Nokia, the one-time king of the mobile market is now facing a stiff challenge from Android and iOS powered mobile devices. A little introspection into the Nokia brand reveals a few eye-catching facts. Here are some which make up a good read:
2) Nokia is sometimes called ‘aikon‘ (Nokia backwards) by non-Nokia mobile phone users and by mobile software developers, because ‘aikon‘ is used in various SDK software packages, including Nokia’s own Symbian S60 SDK.
3) The name of the town of Nokia originated from the river which flowed through the town. The river itself, Nokianvirta, was named after the old Finnish word originally meaning sable, later pine marten. A species of this small, black-furred predatory animal was once found in the region, but it is now extinct.
4) In Asia, the digit 4 never appears in any Nokia handset model number, because 4 is considered unlucky in many parts of Southeast/East Asia.
5) Earlier Nokia phones do not automatically start the call timer when the call is connected, but start it when the call is initiated. (Except for Series 60 based handsets like the Nokia 6600 and onwards)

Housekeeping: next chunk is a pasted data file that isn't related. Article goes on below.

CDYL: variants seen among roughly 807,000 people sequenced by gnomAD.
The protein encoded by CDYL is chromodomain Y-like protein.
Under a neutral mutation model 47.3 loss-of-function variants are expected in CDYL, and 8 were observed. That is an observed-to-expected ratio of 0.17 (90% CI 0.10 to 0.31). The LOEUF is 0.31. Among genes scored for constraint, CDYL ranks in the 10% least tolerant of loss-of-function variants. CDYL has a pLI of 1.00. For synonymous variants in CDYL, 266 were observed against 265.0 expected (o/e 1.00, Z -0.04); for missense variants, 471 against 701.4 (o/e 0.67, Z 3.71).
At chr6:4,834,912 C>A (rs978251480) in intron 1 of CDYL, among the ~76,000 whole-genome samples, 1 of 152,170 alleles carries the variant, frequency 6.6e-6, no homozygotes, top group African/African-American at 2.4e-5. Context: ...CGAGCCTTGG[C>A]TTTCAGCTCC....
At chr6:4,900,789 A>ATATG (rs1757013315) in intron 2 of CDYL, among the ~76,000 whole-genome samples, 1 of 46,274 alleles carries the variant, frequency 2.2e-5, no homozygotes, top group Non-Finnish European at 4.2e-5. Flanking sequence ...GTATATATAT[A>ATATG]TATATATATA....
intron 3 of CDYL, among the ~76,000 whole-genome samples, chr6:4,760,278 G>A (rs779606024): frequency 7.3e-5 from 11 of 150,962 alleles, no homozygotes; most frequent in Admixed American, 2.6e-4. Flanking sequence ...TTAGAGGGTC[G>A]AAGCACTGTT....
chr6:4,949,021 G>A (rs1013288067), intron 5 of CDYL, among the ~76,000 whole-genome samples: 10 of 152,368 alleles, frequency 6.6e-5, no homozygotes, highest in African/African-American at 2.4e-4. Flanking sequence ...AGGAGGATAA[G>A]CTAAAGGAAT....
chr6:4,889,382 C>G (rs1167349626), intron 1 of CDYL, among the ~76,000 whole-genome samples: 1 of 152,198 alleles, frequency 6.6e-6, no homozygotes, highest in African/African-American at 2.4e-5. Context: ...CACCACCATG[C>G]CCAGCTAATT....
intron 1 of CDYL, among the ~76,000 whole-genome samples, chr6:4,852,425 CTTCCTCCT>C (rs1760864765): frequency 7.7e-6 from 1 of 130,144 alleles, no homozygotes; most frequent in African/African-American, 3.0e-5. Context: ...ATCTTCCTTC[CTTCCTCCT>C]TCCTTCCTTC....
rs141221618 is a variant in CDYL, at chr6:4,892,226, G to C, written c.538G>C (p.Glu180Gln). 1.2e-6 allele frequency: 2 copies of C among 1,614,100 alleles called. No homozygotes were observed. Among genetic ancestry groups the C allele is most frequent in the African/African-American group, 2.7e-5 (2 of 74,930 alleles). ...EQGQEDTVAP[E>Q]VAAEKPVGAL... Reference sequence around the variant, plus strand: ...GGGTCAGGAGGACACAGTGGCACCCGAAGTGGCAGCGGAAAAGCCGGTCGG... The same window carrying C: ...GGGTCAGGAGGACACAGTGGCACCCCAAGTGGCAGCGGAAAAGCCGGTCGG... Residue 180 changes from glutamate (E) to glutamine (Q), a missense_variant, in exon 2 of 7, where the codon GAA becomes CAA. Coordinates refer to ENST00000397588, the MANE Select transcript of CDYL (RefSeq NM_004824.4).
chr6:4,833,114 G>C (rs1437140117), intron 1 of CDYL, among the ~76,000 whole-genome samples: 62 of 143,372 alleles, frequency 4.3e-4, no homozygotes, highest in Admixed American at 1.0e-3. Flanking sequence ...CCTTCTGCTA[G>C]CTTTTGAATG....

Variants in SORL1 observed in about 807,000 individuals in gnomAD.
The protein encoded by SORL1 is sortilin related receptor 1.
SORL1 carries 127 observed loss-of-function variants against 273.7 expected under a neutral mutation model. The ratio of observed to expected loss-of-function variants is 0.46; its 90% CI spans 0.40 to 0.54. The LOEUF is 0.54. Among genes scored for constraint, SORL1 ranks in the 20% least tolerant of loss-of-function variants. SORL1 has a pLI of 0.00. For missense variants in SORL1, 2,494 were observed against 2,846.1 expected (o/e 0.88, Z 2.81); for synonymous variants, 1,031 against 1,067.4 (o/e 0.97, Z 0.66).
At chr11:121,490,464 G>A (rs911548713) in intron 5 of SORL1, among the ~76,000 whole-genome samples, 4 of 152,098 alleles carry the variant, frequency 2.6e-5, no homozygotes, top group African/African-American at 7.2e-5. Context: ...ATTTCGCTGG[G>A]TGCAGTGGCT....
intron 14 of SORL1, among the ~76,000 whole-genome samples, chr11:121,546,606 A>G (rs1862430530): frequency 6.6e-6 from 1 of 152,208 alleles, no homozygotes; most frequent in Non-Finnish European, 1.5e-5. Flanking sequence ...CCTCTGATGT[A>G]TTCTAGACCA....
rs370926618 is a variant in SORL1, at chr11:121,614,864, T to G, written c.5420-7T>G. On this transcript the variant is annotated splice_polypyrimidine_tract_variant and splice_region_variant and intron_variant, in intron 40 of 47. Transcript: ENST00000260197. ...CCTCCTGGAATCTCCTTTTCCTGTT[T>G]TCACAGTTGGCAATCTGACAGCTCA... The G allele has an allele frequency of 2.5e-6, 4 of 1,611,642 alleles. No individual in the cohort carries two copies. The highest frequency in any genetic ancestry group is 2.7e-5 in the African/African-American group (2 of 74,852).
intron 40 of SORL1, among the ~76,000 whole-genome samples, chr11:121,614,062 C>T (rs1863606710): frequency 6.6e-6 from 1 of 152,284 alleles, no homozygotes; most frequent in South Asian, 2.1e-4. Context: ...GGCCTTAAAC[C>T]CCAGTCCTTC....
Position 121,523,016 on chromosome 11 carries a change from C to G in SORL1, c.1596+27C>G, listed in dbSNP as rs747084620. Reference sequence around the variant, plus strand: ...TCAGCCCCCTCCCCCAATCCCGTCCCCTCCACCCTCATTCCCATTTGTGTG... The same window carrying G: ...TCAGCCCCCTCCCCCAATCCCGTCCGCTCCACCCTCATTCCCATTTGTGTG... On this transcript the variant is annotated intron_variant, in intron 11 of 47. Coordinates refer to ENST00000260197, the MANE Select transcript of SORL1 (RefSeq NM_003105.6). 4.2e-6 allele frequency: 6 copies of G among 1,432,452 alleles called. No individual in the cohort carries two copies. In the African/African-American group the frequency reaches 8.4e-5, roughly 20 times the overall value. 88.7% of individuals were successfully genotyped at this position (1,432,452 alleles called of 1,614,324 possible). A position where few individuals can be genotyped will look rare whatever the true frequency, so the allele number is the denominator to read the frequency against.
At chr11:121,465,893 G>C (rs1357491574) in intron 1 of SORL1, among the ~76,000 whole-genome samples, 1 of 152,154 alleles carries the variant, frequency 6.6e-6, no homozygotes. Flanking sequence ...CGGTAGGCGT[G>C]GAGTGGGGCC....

6) The ringtone “Nokia tune” is actually based on a 19th century guitar work named “Gran Vals” by Spanish musician Francisco Tárrega. The Nokia Tune was originally named “Grande Valse” on Nokia phones but was changed to “Nokia Tune” around 1998 when it became so well known that people referred to it as the “Nokia Tune.”
7) Residents of the Gulf countries find it a bit hard to remember the model number of a Nokia phone. Instead, they prefer to call a particular model by a name. Nokia 6600 is better known as ‘Panda’, 6630 as ‘Faris’, 6680 as ‘Shaitan’ etc.
8) Since manufacturing its first model in 1982, till date Nokia have come up with more than 500 models of mobile phones, the highest by any manufacturer.
9) It sold about 126 million pieces of the most popular black & white model Nokia 3310 and Nokia 3330, with 3310 being the first Nokia mobile phone without an external antenna.
10) About three years ago, Nokia used to manufacture about 210 million handsets every year which, if calculated, comes to 6.5 phones each second. This figure has now gone down due to decrease in demand and immense competition in the mobile market.